"Strong pressure has been put on us at the Pardons Commission by both the highest authorities and simple people," Pristavkin said. "The paradox is that not a single organized crime case has come through our commission. But the people are under the delusion that we indulge the mafia, thieves in law and [criminal] authorities. Ninety-nine percent of all cases of murder and rape are caused by drunkenness at home, at work or among friends and neighbors. Maniacs are an exception. But these are the only cases that are widely covered in the press. And when we provide statistics that as many people who are sentenced have been pardoned, we are talking about alcoholics. This is where people are mistaken. It is not difficult to explain these statistics given that organized crime means a lot of money, highly professional lawyers and levers of pressure on the representatives of justice."

There is another factor in the evolution of a criminal conscience in society. There is complete lack of an understanding of mercy among Russians. People who have spent any term in confinement, justly or unjustly, are seen by society as outcasts when they are freed.

"The times of Dr. Gaas have passed," Pristavkin said. "Back in the last century, the Russian people still treated prisoners with sympathy. And Dr. Gaas, who helped the condemned and built hospitals for convicts, is an example of this. Sometimes criminals were specially led along the city streets so that the people could feed them. People threw prisoners bread, tobacco and even clothes. This was before the Revolution. When I now ask children who Dr. Gaas was, they all shrug their shoulders. There is even a monument to him in Moscow."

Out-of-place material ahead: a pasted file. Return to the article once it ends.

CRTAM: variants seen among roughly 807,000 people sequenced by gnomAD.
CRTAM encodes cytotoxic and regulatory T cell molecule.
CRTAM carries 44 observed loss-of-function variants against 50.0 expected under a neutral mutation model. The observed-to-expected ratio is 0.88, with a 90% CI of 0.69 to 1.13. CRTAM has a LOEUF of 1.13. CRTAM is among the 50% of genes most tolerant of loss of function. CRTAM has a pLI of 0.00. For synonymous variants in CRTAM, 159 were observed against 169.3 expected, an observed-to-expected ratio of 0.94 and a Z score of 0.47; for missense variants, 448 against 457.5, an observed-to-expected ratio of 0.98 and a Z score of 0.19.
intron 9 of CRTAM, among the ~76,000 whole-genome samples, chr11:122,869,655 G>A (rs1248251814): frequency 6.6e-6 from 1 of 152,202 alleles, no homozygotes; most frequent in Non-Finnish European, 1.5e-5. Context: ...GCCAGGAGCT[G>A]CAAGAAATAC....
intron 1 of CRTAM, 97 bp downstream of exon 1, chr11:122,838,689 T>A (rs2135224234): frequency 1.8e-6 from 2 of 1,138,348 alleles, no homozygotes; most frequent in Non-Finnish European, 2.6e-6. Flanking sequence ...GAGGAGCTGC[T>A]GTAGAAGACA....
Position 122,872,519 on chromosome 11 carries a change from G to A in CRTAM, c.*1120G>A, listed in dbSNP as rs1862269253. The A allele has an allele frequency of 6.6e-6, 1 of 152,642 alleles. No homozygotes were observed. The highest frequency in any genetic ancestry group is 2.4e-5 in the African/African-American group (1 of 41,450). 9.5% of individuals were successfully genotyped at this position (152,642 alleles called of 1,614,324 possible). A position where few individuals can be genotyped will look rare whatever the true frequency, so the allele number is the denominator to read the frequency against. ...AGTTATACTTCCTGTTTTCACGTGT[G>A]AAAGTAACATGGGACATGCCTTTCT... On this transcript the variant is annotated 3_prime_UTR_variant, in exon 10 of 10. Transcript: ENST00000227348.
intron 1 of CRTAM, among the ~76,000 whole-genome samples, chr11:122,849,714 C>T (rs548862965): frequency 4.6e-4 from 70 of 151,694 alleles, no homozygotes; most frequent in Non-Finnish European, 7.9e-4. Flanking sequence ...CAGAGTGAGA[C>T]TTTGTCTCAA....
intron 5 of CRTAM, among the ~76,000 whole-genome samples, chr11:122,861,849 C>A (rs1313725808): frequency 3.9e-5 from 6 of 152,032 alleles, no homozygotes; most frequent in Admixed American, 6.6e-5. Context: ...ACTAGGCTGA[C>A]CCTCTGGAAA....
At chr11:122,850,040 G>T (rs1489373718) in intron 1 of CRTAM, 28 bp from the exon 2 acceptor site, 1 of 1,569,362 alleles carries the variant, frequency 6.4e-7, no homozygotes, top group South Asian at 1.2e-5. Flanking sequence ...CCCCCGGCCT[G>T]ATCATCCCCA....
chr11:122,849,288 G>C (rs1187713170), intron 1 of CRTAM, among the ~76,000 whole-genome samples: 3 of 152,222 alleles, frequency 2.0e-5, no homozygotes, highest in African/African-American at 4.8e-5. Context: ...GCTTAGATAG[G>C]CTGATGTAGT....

Where have mercy and compassion disappeared to in Russia? One of the main factors of the destruction of such Judeo-Christian values is the militant atheism and Bolshevik ideology of the Soviet authorities. The destruction of the priesthood and churches and sacrifice of family values for the good of the state dealt an irreparable blow to people's consciences.

The repression of the '30s, when tens of millions of people were accused of being enemies of the nation, strengthened the hatred and feeling of disdain for prisoners. A person who crossed the threshold of the investigation chamber and was not yet declared guilty was, in the eyes of the public, a criminal. Moreover, suspicion and malice were carried over to relatives and close friends.